Cirrhosis is an irreversible condition that permanently damages your liver and can lead to liver failure. Severe scarring and hardening, caused by a long-term assault of toxins, gradually destroys the organ’s ability to function correctly. This damage can’t be repaired, but further injury can be prevented if cirrhosis is caught early enough.

What is the Liver?

The liver is the largest organ in your body and is located on the right side of your abdomen. Parts of the intestines and pancreas are tucked under the liver. The liver has more than 500 functions. Some of the most important ones include:

  • Removing chemicals, bacteria, and other impurities.
  • Breaking down medications so they are easier for the body to use.
  • Storing iron, copper, and vitamins A, D, E, K, and B12.
  • Regulating amino acid production.
  • Producing proteins for blood plasma.
  • Producing bile, a substance that removes waste from the blood and breaks down fats.
  • Converting excess glucose (sugar) into glycogen for storage and later retrieval for energy.
  • Regulating blood clotting.
  • Processing hemoglobin (a protein in red blood cells that allows blood to carry oxygen to your tissues).

When these functions are repeatedly interrupted, it can result in cirrhosis.

What is Cirrhosis?

When you have cirrhosis, your liver becomes so scarred that it can’t function normally. Whenever the organ is damaged, it tries to protect itself by forming scar tissue. This scar tissue builds up and replaces normal, healthy tissue. It also blocks your liver’s blood flow. As this condition worsens, your liver will begin failing.

Cirrhosis is irreversible, but it may be prevented from worsening if it’s detected early. There are several phases of liver disease:

  1. Inflammation – In the early phases of liver disease, the liver becomes inflamed and swollen.
  2. Fibrosis – If inflammation is untreated, healthy liver cells are replaced by scar tissue (fibrosis). Once those cells are gone, the liver can’t regenerate them. If liver disease is detected at this stage, it may be possible to slow down or halt its development. Many people don’t experience symptoms until their liver is seriously damaged.
  3. Cirrhosis – Cirrhosis is critical, permanent scarring. Years or even decades can pass between the second and third phases of liver disease, presenting a window to get treatment.
  4. Liver Failure – This is the total malfunctioning of the liver and is the final stage of cirrhosis. The liver can no longer repair itself and can’t be treated. At this stage, a liver transplant is the only course of action.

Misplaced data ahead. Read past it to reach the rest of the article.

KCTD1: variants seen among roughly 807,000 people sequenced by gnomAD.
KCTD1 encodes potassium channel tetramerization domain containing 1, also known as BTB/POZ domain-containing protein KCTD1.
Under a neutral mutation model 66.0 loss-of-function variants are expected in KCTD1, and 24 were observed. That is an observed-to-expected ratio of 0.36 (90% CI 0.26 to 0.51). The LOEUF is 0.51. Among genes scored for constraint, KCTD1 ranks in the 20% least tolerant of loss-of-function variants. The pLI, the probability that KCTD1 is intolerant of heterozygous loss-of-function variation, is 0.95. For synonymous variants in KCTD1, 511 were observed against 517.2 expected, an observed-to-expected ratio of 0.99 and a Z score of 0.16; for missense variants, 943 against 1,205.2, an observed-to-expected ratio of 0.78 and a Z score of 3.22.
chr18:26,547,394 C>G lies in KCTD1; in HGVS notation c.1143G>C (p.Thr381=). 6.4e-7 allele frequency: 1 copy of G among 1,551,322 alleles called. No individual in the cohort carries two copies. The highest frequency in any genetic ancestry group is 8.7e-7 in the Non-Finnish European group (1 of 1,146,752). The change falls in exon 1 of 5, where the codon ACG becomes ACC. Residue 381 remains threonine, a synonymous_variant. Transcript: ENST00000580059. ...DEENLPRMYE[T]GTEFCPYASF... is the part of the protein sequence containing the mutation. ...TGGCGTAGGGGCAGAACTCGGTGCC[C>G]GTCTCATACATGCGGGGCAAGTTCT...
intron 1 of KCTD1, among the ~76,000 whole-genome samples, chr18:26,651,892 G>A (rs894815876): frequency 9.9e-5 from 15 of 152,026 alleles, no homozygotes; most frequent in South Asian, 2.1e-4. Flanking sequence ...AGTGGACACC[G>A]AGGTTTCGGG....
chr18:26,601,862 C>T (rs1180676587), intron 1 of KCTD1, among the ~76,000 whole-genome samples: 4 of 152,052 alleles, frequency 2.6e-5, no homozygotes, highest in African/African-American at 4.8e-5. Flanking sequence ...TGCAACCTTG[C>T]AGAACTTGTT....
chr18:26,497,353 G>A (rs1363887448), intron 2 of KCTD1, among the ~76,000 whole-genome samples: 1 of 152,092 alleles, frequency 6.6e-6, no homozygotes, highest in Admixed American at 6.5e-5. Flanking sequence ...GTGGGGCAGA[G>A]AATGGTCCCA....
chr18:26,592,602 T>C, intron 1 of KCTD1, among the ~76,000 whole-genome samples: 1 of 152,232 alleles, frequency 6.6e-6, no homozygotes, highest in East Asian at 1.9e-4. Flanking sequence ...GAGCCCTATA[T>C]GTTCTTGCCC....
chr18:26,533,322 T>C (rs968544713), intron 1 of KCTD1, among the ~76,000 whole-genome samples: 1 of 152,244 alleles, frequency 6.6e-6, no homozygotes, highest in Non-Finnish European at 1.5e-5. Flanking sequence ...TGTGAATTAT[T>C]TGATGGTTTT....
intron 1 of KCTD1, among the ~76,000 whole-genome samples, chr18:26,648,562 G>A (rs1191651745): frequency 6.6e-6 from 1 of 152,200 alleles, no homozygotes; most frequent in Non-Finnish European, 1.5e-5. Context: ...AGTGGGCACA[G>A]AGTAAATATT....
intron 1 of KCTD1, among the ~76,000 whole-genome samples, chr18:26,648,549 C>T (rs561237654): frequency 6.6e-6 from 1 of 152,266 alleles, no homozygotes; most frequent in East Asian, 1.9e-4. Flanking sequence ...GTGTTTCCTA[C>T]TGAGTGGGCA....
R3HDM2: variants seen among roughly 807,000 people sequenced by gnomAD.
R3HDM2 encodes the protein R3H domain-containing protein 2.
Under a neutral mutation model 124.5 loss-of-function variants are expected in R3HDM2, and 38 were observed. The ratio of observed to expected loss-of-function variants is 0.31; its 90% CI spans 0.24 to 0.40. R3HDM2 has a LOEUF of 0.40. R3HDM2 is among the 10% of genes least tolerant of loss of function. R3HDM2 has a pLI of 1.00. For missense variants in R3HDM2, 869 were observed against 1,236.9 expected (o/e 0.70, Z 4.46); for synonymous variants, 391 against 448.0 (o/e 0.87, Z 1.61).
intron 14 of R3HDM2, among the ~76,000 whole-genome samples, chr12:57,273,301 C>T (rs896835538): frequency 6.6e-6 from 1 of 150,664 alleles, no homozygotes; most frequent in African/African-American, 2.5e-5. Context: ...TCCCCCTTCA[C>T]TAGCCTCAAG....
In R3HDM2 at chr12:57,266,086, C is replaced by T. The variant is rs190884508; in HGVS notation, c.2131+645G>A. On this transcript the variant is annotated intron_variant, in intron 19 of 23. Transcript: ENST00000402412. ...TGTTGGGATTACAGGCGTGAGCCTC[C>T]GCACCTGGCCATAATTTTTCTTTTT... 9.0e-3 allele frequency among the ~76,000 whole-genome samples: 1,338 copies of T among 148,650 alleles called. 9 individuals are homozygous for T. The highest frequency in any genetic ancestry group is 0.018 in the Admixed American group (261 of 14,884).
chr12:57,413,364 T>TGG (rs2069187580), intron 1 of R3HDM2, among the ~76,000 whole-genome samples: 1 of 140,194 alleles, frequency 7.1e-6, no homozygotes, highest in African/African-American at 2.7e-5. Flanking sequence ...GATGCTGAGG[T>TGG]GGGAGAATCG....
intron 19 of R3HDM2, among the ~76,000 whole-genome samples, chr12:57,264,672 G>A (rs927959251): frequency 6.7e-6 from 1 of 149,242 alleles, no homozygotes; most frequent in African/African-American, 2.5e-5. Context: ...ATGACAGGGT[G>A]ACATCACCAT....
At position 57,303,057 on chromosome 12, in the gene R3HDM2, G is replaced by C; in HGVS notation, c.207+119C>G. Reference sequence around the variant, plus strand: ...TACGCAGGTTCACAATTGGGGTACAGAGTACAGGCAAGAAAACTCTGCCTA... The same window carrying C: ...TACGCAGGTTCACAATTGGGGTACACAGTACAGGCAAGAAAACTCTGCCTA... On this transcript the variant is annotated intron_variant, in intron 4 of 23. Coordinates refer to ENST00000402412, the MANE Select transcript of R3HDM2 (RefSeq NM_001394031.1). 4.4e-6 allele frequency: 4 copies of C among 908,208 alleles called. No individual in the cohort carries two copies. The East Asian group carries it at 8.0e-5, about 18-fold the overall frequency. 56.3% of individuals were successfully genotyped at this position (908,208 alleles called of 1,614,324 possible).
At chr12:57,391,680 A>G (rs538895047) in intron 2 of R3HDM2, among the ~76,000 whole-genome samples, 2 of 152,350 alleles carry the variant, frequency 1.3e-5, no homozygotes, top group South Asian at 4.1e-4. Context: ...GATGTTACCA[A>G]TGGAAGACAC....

What Causes Cirrhosis?

Many things can lead to cirrhosis. The condition is mainly caused by:

  • Chronic alcohol abuse.
  • Chronic hepatitis B or C.

Others include:

  • Unprotected sex.
  • Shared needles.
  • Autoimmune hepatitis (your body’s immune system attacks the liver).
  • Diseases that damage or block the liver’s bile ducts.
  • Excessive iron or copper stored in the liver.
  • The liver’s inability to break down glycogen.
  • Cystic fibrosis.
  • Obesity.
    A history of liver disease.

What are the Symptoms of Cirrhosis?

The symptoms of cirrhosis are different for each phase of the condition. In the early stages, they may mimic symptoms of other diseases. These early symptoms include:

  • Weakness.
  • Fatigue.
  • Fever.
  • Nausea.

As liver function decreases, other symptoms develop, including:

  • Jaundice.
  • Itchy skin.
  • Swollen legs, feet, and ankles, caused by fluid retention.
  • Spider-like blood vessels.
  • Red palms.
  • Easy bleeding and bruising.
  • Fluid buildup in your abdomen.
  • Brown or orange urine.
  • Pale bowel movements.
  • Bloody stools.
  • Confusion, slurred speech, drowsiness.
  • Unexplained weight loss.

Cirrhosis can also induce liver pain, including a stabbing or throbbing sensation. Pain can also be caused by cirrhosis-induced swelling from fluid retention and spleen enlargement.

How is Cirrhosis Diagnosed?

To diagnose your condition, your doctor will perform a physical exam to look for cirrhosis symptoms. If cirrhosis is suspected, they may order tests.

Blood tests can detect:

  • Raised enzyme levels indicating inflammation.
  • High iron levels indicating harmful iron buildup.
  • Raised liver enzyme levels related to inflammation.
  • Low sodium levels.
  • Low levels of blood-clotting proteins.
  • Autoantibodies.
  • High white cell count, indicating an infection.
  • Low sodium levels.